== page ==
|Oxford Union Debating Hall|
Back in 2012 they published An Outline of Cognitive Democracy. There they note that there have been three enduring political institutions: markets, hierarchies, and democracies.
Markets, they said, work best to solve individual problems rather than collective problems. Governments might meddle in markets through the imposition of Pegovian taxes in order to address collective problems, such as achieving a goal of reducing total carbon emissions through the imposition of taxes in conjunction with a cap and trade program; but, at heart markets are not about collective goals. Markets solve individual problems through price and exchange mechanisms.
A feature of markets, say Farrell and Shalizi, is that they eliminate rational and reasoned discourse, and limit the useful exchange of views. People communicate only through prices and advertising. Because markets are impersonal, markets homogenize what is provided, they reduce diversity, and they reduce the exchange of ideas. Because information is in the hand of sellers and their advertisers, markets tend to suppress the free flow of ideas. Farrell and Shalizi suggest that markets may provide stability and order, but in the long term markets alone are not sufficient to solve our complex social problems. [More on this tomorrow]
Similarly, hierarchies have deficiencies. Richard Thaler and Cass Sunstein speak about libertarian paternalism and "choice architects." Choice architects are leaders who have responsibility for organizing the context in which people make decisions. Their job is to design institutions to spur better choices. We might think of Plato's philosopher king.
The problem with hierarchies, say Farrell and Shalizi, whether our philosopher king is enlightening or not, is that that any hierarchy requires power asymmetries in order to work. Power asymmetries are set up to push orders down; hierarchies are not so good at filtering useful information up. Hierarchies require bureaucracies, and bureaucracies systematically encourage a culture of conformity in order to increase predictability and static efficiency.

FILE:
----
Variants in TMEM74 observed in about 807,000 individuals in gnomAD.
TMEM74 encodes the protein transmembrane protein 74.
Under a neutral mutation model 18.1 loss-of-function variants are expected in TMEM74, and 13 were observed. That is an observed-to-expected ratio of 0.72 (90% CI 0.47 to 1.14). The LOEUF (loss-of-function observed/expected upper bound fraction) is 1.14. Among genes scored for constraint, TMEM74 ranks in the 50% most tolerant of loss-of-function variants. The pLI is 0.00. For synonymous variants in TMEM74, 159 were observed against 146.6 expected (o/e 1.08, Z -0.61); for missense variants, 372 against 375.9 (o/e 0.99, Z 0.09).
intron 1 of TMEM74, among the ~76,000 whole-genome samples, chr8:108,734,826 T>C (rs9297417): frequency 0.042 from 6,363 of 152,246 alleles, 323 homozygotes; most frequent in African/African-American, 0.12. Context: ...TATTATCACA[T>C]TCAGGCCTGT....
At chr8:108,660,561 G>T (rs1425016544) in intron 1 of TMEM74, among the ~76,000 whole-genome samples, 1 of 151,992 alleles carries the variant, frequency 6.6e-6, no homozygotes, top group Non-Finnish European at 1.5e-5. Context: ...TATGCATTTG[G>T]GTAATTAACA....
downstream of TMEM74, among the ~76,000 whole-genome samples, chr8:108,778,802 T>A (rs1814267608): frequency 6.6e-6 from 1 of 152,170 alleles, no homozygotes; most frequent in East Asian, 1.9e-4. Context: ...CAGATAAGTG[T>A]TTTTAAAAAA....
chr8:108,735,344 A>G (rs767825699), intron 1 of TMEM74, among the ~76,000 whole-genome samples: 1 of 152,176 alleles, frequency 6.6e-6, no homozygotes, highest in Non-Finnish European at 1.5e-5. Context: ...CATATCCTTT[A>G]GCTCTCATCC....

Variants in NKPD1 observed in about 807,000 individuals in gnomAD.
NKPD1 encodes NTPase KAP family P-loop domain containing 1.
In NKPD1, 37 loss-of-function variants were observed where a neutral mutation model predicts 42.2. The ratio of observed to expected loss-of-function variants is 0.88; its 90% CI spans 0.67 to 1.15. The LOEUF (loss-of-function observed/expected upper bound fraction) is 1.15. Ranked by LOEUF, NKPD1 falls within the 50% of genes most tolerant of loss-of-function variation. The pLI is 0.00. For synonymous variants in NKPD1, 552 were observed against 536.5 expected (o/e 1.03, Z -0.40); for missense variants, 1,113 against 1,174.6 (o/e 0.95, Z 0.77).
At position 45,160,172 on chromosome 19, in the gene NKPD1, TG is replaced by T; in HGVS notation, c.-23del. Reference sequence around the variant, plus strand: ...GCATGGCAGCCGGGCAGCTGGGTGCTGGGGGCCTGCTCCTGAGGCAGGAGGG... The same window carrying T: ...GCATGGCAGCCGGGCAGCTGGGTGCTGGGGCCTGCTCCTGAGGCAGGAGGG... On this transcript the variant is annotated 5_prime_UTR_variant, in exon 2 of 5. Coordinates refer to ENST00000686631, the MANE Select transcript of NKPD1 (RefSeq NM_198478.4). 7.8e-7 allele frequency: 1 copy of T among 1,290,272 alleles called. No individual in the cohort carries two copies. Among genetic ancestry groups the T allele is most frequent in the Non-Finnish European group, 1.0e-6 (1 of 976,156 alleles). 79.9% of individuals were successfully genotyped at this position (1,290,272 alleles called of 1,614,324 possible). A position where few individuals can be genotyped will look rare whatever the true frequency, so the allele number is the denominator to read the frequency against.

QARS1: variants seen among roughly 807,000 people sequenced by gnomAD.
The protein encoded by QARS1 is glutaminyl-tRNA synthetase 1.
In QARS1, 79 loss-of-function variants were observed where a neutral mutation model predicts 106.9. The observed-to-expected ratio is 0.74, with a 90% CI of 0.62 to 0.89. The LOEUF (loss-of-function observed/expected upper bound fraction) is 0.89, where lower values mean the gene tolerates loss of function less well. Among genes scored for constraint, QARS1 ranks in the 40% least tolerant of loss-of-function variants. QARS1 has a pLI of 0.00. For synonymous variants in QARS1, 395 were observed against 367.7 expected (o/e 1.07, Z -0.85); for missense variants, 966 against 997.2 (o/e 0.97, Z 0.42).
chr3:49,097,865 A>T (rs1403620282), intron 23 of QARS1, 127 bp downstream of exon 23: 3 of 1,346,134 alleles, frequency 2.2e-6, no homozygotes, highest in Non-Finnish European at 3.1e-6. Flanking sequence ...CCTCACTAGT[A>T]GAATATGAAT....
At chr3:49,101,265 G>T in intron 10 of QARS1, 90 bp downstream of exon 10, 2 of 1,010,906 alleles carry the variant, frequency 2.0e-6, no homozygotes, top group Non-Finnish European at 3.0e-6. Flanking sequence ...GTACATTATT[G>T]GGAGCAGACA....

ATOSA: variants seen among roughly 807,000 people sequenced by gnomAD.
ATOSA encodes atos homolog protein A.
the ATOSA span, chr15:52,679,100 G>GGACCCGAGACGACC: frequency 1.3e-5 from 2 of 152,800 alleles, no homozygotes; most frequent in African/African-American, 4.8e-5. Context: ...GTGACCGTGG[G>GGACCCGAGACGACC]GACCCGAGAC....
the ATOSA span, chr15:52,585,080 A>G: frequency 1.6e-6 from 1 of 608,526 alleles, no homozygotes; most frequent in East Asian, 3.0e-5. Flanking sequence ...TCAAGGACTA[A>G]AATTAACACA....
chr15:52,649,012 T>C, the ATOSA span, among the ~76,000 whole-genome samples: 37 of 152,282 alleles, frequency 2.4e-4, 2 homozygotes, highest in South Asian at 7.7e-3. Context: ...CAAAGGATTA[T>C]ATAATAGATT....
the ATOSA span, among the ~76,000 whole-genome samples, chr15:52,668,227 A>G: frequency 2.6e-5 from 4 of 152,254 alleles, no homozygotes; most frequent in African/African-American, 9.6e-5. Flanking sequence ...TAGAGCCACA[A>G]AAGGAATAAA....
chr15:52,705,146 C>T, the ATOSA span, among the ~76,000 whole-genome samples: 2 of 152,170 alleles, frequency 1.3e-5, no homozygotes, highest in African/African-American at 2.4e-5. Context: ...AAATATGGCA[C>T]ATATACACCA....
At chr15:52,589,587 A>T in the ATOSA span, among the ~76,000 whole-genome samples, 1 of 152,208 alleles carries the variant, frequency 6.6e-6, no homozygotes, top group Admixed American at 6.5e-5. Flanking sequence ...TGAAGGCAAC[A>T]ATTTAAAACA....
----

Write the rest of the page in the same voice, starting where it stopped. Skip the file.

Thaler and Sunstein, report Farrell and Shalizi, criticize the market model by giving numerous examples of how individuals make poor choices and decisions. But, they say, how do philosopher kings--much less Saudi princes, or Russian presidents--make better decisions on individuals's behalf? Such hierarchies, even absent any corruption, treat individual citizens as passive consumers whose choices need to be guided to the desired outcome. Citizens are not participants in politics. Libertarian paternalism (the philosopher king model) is flawed not because it restricts people's choices, say Farrell and Shalizi, but because it makes heroic assumptions about the choice architect's (philosopher king's) abilities to figure out what the choices should be.
Figuring out what the right choices should be, and how to price these choices, turned out to be a central problem in the collapse of the centrally planned state as envisioned by the Soviet Empire. For a great description of this--in a history of an idea novelistic format--read Francis Spufford's Red Plenty. For a great read on how life in Plato's Republic might turn out, we should all be reading Jo Walton's The Just City.
We get better results in solving our complex problems if we all muddle through our politics without submission to philosopher kings or choice architects.